From trepanning, which is drilling holes in a patient’s skull to release evil spirits, to therapeutic bleeding, to amputations, surgery has existed in one form or another for thousands of years. There is documentation of extremely rudimentary surgeries being performed even in the prehistoric age, from the Neolithic times onward. During these dark times of surgical knowledge the “cure,” was often more detrimental to a patient, than the disease or infection! Since the discovery of microorganisms and the extremely great advancement of sterility in the OR, surgery has come a very long way. The advances of CT Scanners, MRI’s, PET Scans, endoscopy, laparoscopy and other new and emerging technology have provided a very low percentage of incorrect diagnosis. Particularly, when utilizing all the tools necessary, for instance a CT scan, to diagnosis acute appendicitis the accuracy of the scan is at a definitive 98%. And we rarely perform the extraction of evil spirits, at least not in my OR.
3. Be Grateful to your Omentum,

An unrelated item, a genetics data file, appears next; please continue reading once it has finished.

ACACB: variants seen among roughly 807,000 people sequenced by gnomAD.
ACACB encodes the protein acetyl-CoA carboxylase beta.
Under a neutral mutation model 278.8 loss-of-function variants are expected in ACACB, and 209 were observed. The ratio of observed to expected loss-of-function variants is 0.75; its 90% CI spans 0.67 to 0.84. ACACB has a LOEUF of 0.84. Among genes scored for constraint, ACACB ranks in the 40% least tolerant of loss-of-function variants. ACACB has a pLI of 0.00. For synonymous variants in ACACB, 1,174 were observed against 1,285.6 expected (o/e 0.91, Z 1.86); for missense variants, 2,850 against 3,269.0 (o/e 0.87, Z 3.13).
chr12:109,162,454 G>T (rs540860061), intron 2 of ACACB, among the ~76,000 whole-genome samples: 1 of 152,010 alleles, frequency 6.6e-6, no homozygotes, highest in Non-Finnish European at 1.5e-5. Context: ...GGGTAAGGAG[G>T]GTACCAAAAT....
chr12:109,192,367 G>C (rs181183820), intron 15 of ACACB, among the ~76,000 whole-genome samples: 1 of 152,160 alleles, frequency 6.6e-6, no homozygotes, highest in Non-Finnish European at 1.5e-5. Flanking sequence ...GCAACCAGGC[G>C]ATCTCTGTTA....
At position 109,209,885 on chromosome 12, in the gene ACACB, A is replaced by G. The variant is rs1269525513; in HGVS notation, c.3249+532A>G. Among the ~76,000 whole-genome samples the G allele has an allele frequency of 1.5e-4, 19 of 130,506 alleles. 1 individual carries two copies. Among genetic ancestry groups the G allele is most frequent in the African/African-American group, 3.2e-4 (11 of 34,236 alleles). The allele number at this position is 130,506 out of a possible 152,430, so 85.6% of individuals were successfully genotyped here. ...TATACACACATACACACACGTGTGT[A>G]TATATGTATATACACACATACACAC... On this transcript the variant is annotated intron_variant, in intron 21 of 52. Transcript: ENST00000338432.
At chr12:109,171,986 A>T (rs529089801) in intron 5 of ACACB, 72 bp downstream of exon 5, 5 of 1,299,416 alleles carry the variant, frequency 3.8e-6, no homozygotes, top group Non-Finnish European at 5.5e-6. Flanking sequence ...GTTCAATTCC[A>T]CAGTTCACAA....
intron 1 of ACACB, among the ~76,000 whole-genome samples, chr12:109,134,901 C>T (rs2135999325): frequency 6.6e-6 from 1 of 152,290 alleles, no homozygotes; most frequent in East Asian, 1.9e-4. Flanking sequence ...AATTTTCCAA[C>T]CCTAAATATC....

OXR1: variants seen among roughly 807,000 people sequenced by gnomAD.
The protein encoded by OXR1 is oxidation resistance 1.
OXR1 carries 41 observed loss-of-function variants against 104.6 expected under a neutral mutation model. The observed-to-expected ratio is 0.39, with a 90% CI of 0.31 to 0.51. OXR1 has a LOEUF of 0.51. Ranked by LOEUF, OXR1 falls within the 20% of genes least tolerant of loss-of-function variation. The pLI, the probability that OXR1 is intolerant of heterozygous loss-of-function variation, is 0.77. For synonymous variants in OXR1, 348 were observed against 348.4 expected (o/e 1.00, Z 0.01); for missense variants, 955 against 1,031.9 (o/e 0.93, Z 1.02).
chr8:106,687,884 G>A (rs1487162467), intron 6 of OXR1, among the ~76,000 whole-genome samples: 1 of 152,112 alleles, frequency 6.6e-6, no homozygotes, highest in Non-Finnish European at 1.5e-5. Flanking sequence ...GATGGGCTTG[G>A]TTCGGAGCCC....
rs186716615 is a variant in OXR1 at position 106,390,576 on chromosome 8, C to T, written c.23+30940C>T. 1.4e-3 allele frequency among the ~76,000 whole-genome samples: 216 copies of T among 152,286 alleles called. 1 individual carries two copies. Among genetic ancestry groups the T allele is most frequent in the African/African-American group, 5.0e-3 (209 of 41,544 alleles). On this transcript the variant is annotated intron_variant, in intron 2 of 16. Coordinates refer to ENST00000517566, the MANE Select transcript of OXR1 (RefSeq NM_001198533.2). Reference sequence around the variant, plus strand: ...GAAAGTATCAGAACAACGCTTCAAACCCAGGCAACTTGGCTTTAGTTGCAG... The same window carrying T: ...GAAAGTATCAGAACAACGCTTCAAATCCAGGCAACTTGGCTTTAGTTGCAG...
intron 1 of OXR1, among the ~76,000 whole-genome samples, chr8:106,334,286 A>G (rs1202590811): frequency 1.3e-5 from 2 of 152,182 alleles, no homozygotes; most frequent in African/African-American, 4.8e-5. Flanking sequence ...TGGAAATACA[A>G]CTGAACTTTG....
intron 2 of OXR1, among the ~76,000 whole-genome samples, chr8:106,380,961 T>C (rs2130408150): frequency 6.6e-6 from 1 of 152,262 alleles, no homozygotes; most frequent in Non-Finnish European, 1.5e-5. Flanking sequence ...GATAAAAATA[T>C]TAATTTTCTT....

You’ve never heard of the omentum? I’m not surprised. An organ that is typically glanced over by high school anatomy teachers in favor of the liver and pancreas. And most often known by its pseudonym, the Beer Belly. But it’s high time we give credit to this unique organ that resides within our abdominal cavity as a constant and vigilant watchdog for invasive infections. Lying like a curtain draped over our intestines is the omentum–a sheet of fat, blood vessels, and lymphatic tissue that literally is an apron providing a protective cover to our abdominal viscera. Typically the organ lies dormant, until as if with a sixth sense, it moves to an offending infection or malady within the abdomen, sealing off diseased areas and keeping invading bacteria isolated. A good surgeon can follow the movement of this organ to the exact location of where surgery should begin, turning what could have been a massive infection, into a relatively minor annoyance. In patients with appendicitis, I will often find the omentum encircling around the inflamed, and gangrenous appendix, like a gift wrapped present waiting to be delivered to the proper recipient, in this case me the surgeon. So keep your omentum healthy, with fibrous foods and a little more exercise than walking to the fridge for a beer. It may be your best ally and best aid to your surgeon.